- UXS-2058: Writing for Film & Television (20) (Semester 2) This module is designed to develop knowledge and skills in writing for film, and introduces key stylistic and textual characteristics of writing for television. The module provides an overview of television writing, separated into television drama and the situation comedy, and outlines the specific demands of these formats for screenwriters. Students are then assessed on their own original television concept in the form of a treatment and screenplay extract, plus a short critical and reflective essay. The course then goes on to present advanced theories of writing for film - developing concepts of characterisation, structure, genre, visual storytelling and the use of dialogue and action. Students will be encouraged to engage with formal screenwriting concepts such as the three-act structure, genre tropes, active protagonists and plot resolutions. However, they will also be expected to interrogate and challenge these elements of screenwriting craft, and are expected to display this engagement in their assessed work. Students will be assessed on their own original film concept in the form of a treatment and screenplay extract (for a short film or feature film), plus a critical and reflective essay. Lectures will deliver various features of writing for television and film, using screenings as contextual support material. Lectures will initially present some basic concepts of screenwriting such as script formatting, style, structure, genre, plotting, characterisation and dialogue, before moving on to deal specifically with television drama, situation comedy, the short film and the feature film. Seminar time will be spent discussing various aspects of screenwriting outlined in the lectures. Students will be encouraged to engage with, and challenge, elements of the craft of screenwriting, and to carry out creative screenwriting tasks in groups. Students will also critically peer evaluate the work of their cohort, and analyse published screenplays, applying knowledge gained in the lectures. Students will be required to develop professional writing habits and to give and receive critically constructive comment and advice. Proposed films and television programmes to be screened include: The Sopranos (Chase, 1999-2007), The Wire (Simon, 2002-08), Red Riding (Jarrold, 2009), The Singing Detective (Potter, 1986), The Prisoner (McGoohan, 1967-68), Oz (Fontana, 1997-2003), Twin Peaks (Frost/Lynch, 1990-91), The IT Crowd (Linehan, 2006- ), Spaced (Wright, 1999-2001), The Office (Gervais/Merchant, 2001-3), Father Ted (Linehan, 1995-8). The Third Man (Reed, 1949), Brief Encounter (Lean, 1945), The Devil¿s Backbone (Del Toro, 2001), Intacto (Fresnadillo, 2001), Hunger (McQueen, 2008), Dead Man's Shoes (Meadows, 2004), The Sea Inside (Amenábar, 2004), The White Ribbon (Haneke, 2009), Festen (Vinterberg, 1998), Uzak (Ceylan, 2002), Sympathy for Mr Vengeance (Park, 2002), Let the Right One In (Alfredson, 2008), The Road (Hillcoat, 2009), Sexy Beast (Glazer, 2000), No Country for Old Men (Coen, 2007)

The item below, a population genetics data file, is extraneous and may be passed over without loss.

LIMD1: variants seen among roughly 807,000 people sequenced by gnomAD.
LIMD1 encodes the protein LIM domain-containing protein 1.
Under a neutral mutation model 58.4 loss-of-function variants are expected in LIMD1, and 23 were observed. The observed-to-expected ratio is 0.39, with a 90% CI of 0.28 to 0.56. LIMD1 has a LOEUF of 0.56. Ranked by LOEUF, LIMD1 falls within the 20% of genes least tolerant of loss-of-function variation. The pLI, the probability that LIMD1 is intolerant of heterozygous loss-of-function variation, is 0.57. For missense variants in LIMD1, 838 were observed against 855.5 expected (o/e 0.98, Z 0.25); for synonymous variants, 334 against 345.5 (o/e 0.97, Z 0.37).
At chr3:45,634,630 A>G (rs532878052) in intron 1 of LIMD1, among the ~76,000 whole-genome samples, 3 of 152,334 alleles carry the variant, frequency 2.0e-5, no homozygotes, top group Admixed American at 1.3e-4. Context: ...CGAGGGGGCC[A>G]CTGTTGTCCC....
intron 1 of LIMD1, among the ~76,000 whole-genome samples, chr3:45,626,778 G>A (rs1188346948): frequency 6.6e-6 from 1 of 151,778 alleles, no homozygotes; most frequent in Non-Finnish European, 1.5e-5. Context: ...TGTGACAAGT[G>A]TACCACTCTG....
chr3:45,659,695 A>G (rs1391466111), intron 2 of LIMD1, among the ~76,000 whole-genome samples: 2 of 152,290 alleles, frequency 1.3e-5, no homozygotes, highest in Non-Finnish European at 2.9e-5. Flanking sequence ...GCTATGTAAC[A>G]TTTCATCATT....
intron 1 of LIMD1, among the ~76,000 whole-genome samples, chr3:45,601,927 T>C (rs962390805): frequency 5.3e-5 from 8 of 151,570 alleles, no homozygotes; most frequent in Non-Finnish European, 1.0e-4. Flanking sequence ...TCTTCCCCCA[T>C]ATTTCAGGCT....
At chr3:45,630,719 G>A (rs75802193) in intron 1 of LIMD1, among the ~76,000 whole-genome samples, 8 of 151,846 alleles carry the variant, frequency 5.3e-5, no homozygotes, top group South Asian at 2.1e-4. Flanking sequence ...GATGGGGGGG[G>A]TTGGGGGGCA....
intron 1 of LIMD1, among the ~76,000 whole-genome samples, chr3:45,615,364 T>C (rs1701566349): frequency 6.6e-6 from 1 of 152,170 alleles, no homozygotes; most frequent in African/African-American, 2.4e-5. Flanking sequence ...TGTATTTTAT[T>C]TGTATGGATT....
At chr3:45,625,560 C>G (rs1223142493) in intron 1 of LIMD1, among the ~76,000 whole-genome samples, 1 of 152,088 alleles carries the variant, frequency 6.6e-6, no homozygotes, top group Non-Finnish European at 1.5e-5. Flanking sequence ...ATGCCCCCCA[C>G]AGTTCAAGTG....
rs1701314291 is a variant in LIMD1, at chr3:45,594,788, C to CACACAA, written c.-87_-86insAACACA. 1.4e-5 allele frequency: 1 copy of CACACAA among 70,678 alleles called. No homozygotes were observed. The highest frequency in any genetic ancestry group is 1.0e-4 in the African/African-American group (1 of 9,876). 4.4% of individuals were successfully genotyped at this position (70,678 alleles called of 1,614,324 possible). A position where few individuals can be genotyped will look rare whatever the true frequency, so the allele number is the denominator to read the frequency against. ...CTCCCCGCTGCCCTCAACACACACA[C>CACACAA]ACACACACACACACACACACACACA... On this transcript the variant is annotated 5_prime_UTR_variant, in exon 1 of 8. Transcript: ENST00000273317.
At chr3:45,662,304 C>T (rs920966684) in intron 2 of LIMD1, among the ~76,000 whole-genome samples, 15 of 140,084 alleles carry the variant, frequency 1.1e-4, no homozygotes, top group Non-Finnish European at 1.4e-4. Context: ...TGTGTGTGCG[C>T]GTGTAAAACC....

- UXS-2078: Writing Genre Fiction (20) (Semester 2) Students will approach genre fiction from a creative & critical perspective, examining a particular genre across the semester as a series of case studies (e.g., speculative fiction). They will engage in reading and analyzing relevant texts, applying theory and understanding gained to their own creative project.
- UXS-2412: Playable Fiction (20) (Semester 2) The creative writer is constantly challenged by the evolution of literary form, striving to create fresh and original narratives that depart from the conventional. Modernism, postmodernism, and now digital media are all avenues of exploration and experimentation. This module focuses on the latter domain, as writers approach narrative through the creation of games. Story-games, such as hypertexts, interactive fictions, and visual novels, necessitate unconventional, and even unnatural, structures and perspectives. By creating playable narratives, students on this course will open their writing up to new expressions, forms, and genres. Students will discuss and explore critical and creative responses to these texts, applying new techniques and awareness to their creative writing practice.
0 to 20 credits from:
- UXS-2041: Games and Virtual Environments (20) (Semester 2) In 'Games and Virtual Environments' you will investigate the lively contemporary field of computer/video games and virtual worlds. During the module you will define, discuss and analyse various types of games and virtual environments. You will investigate issues surrounding games narrative and ludology (the theory and philosophy of gaming) as well as look at various video game genres (e.g. 1st person shooters, adventures, civilisation and god games; online, platform and massively multiplayer games). You will also examine the social and psychological effects of playing computer games and learn to evaluate realistically the implications of game consumption with respect to education and entertainment. By the end of this module, you will have developed a broad theoretical and critical background to the analysis of games and virtual environments, and you will be familiar with empirical research methods used to evaluate consumer needs and behaviour.
- UXS-2099: Research and Methods (20) (Semester 2) Introduction; choosing a research topic Writing a research proposal Research Paradigms: Positivism vs Interpretivism Working with texts 1: Textual analysis Working with texts 2: Content analysis Fieldwork 1: Questionnaires, interviews and focus groups Fieldwork 2: Ethnography and participant observation Case study approaches Quantitative and qualitative sampling issues Research Ethics Doing a literature review; writing a dissertation